Whether generational or infiltration – the outcome is the new normal. We are confronted by the reality that structure and hierarchy aren’t wanted and are increasingly becoming irrelevant. Can people leave without such orderliness? Aren’t they doing so already? Are we unfairly blaming those that push back against strict-orders in these difficult circumstances?
Those stepping in our shoes, and they increasingly form the critical-mass, aren’t comfortable with the tendency by structure and hierarchy to box them too much. They will fight back and in instances where fighting back is too dangerous, infiltrate and neutralise hierarchy and structure. Both approaches, different as they may be, give the same result – the death of structure and hierarchy.
So would something without or with less hierarchy and structure do the job anyway, even in difficult times?
Anything without hierarchy is a holacracy. As a matter of fact, it’s a generational thing and want it or not, it’s here with us and to stay.
A holacracy is a method of decentralised management and organisational governance, in which authority and decision-making are distributed throughout a holarchy of self-organising teams rather than being vested in a management hierarchy.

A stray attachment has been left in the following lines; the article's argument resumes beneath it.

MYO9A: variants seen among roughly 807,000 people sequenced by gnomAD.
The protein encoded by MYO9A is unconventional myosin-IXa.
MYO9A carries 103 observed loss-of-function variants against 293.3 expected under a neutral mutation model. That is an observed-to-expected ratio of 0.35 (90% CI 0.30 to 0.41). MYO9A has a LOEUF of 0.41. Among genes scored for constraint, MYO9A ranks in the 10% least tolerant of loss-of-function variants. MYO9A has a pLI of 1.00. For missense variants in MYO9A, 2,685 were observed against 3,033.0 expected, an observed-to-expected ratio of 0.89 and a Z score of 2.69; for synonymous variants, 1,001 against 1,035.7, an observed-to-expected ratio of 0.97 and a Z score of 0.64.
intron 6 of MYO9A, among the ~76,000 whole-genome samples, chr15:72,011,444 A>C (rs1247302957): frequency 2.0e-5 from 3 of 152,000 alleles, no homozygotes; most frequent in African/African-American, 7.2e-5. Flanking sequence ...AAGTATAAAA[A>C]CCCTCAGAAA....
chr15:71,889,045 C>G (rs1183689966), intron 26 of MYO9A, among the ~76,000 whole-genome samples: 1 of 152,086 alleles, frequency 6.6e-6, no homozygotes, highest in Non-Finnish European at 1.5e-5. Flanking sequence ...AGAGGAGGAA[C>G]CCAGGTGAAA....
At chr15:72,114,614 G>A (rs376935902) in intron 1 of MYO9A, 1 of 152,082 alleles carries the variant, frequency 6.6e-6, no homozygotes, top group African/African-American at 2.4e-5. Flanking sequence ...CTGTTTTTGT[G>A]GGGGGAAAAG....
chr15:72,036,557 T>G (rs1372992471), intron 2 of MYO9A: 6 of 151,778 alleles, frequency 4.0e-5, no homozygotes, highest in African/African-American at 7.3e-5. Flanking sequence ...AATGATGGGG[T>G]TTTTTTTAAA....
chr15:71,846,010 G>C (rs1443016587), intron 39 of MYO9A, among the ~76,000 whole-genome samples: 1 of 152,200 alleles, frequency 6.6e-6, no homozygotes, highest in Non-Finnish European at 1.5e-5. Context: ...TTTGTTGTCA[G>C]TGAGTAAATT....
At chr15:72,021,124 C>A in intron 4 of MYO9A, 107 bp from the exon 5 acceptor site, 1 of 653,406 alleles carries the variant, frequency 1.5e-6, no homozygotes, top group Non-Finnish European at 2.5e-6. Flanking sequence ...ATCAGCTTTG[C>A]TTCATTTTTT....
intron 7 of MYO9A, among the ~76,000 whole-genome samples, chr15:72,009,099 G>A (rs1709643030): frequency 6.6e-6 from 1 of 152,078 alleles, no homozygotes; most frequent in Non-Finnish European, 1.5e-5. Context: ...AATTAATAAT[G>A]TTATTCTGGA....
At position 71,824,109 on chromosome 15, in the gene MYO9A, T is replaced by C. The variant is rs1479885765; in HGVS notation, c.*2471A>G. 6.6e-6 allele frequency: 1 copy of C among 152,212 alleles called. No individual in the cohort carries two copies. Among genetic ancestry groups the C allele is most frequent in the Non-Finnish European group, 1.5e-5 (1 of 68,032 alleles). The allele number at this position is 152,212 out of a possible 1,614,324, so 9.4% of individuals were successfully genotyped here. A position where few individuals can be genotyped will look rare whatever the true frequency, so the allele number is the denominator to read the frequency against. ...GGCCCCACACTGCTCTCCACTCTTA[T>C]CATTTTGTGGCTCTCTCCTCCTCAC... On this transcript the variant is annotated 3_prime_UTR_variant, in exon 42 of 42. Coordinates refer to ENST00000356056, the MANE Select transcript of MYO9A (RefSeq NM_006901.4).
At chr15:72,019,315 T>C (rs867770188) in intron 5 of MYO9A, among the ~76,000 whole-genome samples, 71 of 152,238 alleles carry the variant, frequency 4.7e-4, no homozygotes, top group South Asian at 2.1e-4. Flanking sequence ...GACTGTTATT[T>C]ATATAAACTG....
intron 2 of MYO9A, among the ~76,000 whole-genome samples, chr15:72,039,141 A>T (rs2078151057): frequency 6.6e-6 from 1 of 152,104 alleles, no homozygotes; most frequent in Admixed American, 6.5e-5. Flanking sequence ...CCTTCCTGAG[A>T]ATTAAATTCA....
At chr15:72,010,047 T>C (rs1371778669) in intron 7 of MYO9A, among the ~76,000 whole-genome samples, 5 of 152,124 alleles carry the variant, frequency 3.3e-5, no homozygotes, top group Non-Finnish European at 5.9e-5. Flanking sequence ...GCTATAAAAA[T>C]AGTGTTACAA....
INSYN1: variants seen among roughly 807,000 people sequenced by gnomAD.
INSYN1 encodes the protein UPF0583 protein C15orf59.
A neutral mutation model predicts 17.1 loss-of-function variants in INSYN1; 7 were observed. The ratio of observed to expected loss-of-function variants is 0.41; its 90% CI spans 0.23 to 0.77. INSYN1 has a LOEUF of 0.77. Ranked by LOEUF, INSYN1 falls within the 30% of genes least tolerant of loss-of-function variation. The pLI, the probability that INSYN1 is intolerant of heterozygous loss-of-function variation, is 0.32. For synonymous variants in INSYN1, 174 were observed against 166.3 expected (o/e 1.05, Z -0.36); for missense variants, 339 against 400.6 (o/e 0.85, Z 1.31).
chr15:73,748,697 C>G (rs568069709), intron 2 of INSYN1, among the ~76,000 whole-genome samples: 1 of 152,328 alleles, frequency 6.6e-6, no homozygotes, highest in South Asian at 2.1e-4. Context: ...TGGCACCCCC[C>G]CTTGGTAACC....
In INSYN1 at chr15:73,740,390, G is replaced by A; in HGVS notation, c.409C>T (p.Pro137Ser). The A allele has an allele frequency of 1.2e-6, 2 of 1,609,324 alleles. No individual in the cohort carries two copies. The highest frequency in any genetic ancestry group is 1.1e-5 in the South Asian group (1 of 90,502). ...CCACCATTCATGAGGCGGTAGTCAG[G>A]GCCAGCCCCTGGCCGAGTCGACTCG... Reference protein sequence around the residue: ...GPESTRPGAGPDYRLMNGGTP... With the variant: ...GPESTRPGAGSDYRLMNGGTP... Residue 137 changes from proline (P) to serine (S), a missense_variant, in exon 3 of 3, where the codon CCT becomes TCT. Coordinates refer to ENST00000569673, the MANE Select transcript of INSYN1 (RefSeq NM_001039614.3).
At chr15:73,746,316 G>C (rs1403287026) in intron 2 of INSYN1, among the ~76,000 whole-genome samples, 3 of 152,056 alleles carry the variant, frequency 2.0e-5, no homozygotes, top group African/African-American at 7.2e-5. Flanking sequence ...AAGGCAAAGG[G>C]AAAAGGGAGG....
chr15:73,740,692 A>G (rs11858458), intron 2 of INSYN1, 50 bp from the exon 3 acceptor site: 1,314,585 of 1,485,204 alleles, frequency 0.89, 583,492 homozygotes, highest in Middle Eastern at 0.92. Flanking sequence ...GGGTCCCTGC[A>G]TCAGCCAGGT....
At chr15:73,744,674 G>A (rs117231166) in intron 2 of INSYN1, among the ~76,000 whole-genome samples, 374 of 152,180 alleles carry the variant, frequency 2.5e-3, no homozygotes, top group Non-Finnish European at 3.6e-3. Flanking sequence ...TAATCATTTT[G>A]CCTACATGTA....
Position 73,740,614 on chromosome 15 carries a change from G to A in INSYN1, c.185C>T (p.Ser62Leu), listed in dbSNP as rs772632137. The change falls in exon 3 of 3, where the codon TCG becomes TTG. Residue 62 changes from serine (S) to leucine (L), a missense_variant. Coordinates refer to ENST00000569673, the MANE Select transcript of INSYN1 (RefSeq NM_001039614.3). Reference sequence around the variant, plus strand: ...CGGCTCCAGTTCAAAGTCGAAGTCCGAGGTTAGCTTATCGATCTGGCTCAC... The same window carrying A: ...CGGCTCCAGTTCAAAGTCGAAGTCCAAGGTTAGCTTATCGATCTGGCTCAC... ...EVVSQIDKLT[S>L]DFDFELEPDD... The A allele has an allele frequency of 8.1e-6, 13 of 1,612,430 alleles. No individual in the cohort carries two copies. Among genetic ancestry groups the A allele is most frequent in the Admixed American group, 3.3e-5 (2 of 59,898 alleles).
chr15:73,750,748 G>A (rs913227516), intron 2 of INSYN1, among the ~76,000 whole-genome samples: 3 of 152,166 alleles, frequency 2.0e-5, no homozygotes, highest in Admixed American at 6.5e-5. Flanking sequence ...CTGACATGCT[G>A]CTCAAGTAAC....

Increasingly, the Millenials and Z-Generation are taking over the world – anyone in the ’50s, even the early ’50s is gradually becoming irrelevant today. The truth is, we are being suppressed by the tyranny of numbers of the younger generations. It’s their ways and beliefs that are becoming the order of the day. Things have become flipped. So much so that even in times of crisis, hierarchy can’t reign in the harbingers of freedom and laissez-faire lifestyles
The emerging generations think ‘roles’ and not ‘boxes’ of job descriptions and titles. They are workers by the day and online activists by night, and that intensely dislike hierarchy and structure. They challenge hierarchy even when it’s in peril of them dying. What they do is so fluid that they assemble their organizing-mechanism when needed, for example, to protest against authority, and disassemble with the same ease and get back into shape.
Those of you used to ‘orders’ and ‘boxes’, don’t understand this ‘new’ generation and in equal measure, they don’t understand you. They thrive, increasingly, on-line via self-governing mechanisms. This may be on WhatsApp, Facebook, change.org, etc. They work with an integrationist decision-making mechanism. The agility to form and disband at breakneck speed makes these self-governing social eco-systems challenging to control.
And for the above, they are increasingly taking over the world, right from our homes and other places – even when we are all crying COVID19
They want freedom, and freedom they get, but not in China